Viruses are microscopically sized parasites. They plant their genes in the cells of their victim in order to 'reprogram' them. The infected cells then no longer produce what they need to live, making lots of new viruses instead.
Luckily, in most cases this hostile takeover does not go unnoticed. This is ensured by the cells' own sensors that recognise alien genetic material. One of them is RIG-I. When RIG-I encounters virus genes, it ensures that the body releases interferon. The interferon then in turn puts killer cells on combat standby, which then destroy the infected cells.
Yet this is only part of the truth. 'According to our results RIG-I appears to play a far more prominent role in the defence against viruses than was previously thought,' Dr. Jürgen Ruland from the University Hospital Rechts der Isar at the Technical University of Munich explains. As a result, many virus infections are accompanied by a high temperature. That is also what happens with influenza, for example. This symptom cannot be explained by interferon release alone.
In most cases it is cytokines which trigger the fever. 'We have now been able to show, for the first time, that RIG-I also cranks up the production of a central cytokine in the case of a virus infection,' Dr. Hendrik Poeck explains. He and his colleagues Dr. Michael Bscheider and Dr. Olaf Groß are the primary authors of the study. This is a reference to interleukin 1, probably the most important cytokine known today.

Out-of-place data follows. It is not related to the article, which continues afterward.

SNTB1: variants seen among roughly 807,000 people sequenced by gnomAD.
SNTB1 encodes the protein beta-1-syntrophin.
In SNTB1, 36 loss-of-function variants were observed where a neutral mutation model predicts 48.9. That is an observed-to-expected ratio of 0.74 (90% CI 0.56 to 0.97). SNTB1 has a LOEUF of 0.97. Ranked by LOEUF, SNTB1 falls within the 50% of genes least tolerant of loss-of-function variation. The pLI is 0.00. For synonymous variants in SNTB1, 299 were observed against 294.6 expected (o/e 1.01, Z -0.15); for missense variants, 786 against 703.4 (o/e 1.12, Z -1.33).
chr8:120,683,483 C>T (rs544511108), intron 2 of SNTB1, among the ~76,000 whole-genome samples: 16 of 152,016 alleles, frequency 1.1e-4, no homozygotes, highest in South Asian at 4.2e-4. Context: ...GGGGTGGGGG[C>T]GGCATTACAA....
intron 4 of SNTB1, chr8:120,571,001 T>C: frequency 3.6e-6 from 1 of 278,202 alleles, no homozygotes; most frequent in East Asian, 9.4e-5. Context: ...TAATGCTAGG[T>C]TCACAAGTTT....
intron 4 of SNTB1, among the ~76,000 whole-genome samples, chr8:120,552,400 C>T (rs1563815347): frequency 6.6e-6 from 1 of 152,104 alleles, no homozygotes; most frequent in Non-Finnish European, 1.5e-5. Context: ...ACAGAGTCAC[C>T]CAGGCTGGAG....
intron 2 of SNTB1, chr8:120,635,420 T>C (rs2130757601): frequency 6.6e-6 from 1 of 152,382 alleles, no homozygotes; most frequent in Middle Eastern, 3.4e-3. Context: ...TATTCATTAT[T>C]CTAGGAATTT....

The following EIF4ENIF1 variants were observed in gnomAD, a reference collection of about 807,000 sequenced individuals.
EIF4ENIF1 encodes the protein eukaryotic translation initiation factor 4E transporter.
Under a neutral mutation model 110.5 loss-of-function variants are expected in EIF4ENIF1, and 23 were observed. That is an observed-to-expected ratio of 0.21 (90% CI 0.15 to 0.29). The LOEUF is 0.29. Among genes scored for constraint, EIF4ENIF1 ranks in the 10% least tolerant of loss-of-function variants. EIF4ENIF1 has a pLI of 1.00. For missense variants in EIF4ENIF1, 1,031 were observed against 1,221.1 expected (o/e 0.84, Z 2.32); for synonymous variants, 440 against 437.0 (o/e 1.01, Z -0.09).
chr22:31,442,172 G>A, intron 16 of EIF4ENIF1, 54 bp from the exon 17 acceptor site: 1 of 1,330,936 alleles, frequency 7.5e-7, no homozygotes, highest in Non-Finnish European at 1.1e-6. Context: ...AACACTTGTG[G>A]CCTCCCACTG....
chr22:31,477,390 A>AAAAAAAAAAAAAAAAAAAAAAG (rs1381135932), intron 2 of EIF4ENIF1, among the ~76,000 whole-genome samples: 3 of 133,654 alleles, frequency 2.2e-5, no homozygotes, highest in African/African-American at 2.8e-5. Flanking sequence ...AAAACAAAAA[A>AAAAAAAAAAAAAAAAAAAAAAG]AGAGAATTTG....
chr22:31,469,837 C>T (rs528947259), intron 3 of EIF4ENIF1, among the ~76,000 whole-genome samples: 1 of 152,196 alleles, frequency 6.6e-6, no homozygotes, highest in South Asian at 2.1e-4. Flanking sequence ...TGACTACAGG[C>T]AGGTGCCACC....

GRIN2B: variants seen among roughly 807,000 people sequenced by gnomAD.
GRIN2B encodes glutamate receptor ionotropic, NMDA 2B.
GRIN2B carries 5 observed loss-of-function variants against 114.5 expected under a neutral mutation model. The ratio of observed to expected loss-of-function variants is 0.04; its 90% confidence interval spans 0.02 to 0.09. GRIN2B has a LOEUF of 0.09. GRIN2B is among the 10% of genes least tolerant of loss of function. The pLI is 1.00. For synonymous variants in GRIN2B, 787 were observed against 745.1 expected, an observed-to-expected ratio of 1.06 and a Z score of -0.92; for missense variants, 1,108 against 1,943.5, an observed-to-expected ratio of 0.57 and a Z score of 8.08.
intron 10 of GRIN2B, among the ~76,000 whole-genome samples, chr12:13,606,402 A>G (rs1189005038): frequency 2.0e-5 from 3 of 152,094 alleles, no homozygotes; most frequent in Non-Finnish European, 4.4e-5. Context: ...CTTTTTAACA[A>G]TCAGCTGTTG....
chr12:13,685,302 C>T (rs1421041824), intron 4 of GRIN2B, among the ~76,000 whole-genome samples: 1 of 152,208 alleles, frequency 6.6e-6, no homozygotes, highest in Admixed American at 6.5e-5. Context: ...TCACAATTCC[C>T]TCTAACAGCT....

Do cytokines cause more severe courses of a disease?
When RIG-I comes into contact with a virus gene, it does two things. On the one hand, it ensures that certain immune cells produce pro-interleukin, the precursor of interleukin 1, en masse. At the same time it activates an enzyme via a complicated signalling pathway which transforms pro-interleukin into interleukin 1. 'This interleukin 1 then ensures that the typical symptoms of a virus infection such as fever or shivering occur,' Professor Veit Hornung from the Bonn University Clinic explains.
As yet the researchers do not know how important this newly discovered immune mechanism is for the successful defence against the virus. The release of interleukin may also have negative consequences. 'There is the hypothesis that an overproduction of cytokines may lead to extremely severe courses of virus diseases,' Professor Gunther Hartmann says. Medicines that prevent such a 'cytokine storm' may therefore alleviate the progress of the disease.